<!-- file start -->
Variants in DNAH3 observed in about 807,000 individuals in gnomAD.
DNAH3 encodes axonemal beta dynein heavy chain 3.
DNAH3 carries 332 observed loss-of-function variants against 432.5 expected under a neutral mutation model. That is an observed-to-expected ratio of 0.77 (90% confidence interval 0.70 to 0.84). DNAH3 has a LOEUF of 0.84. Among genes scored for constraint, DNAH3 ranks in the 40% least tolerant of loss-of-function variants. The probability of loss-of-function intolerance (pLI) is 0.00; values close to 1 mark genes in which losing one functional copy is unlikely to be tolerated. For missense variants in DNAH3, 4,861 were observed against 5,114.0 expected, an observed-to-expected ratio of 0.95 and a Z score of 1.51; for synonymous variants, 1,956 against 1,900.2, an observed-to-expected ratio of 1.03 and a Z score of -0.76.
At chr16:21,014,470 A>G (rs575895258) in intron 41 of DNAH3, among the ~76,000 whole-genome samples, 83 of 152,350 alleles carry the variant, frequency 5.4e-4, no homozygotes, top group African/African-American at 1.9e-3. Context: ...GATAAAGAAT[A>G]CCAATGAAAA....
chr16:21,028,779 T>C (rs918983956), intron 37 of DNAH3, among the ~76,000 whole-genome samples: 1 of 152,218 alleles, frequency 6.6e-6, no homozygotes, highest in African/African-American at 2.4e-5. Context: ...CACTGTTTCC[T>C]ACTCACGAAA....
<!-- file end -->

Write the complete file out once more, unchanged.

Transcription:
Variants in DNAH3 observed in about 807,000 individuals in gnomAD.
DNAH3 encodes axonemal beta dynein heavy chain 3.
DNAH3 carries 332 observed loss-of-function variants against 432.5 expected under a neutral mutation model. That is an observed-to-expected ratio of 0.77 (90% confidence interval 0.70 to 0.84). DNAH3 has a LOEUF of 0.84. Among genes scored for constraint, DNAH3 ranks in the 40% least tolerant of loss-of-function variants. The probability of loss-of-function intolerance (pLI) is 0.00; values close to 1 mark genes in which losing one functional copy is unlikely to be tolerated. For missense variants in DNAH3, 4,861 were observed against 5,114.0 expected, an observed-to-expected ratio of 0.95 and a Z score of 1.51; for synonymous variants, 1,956 against 1,900.2, an observed-to-expected ratio of 1.03 and a Z score of -0.76.
At chr16:21,014,470 A>G (rs575895258) in intron 41 of DNAH3, among the ~76,000 whole-genome samples, 83 of 152,350 alleles carry the variant, frequency 5.4e-4, no homozygotes, top group African/African-American at 1.9e-3. Context: ...GATAAAGAAT[A>G]CCAATGAAAA....
chr16:21,028,779 T>C (rs918983956), intron 37 of DNAH3, among the ~76,000 whole-genome samples: 1 of 152,218 alleles, frequency 6.6e-6, no homozygotes, highest in African/African-American at 2.4e-5. Context: ...CACTGTTTCC[T>C]ACTCACGAAA....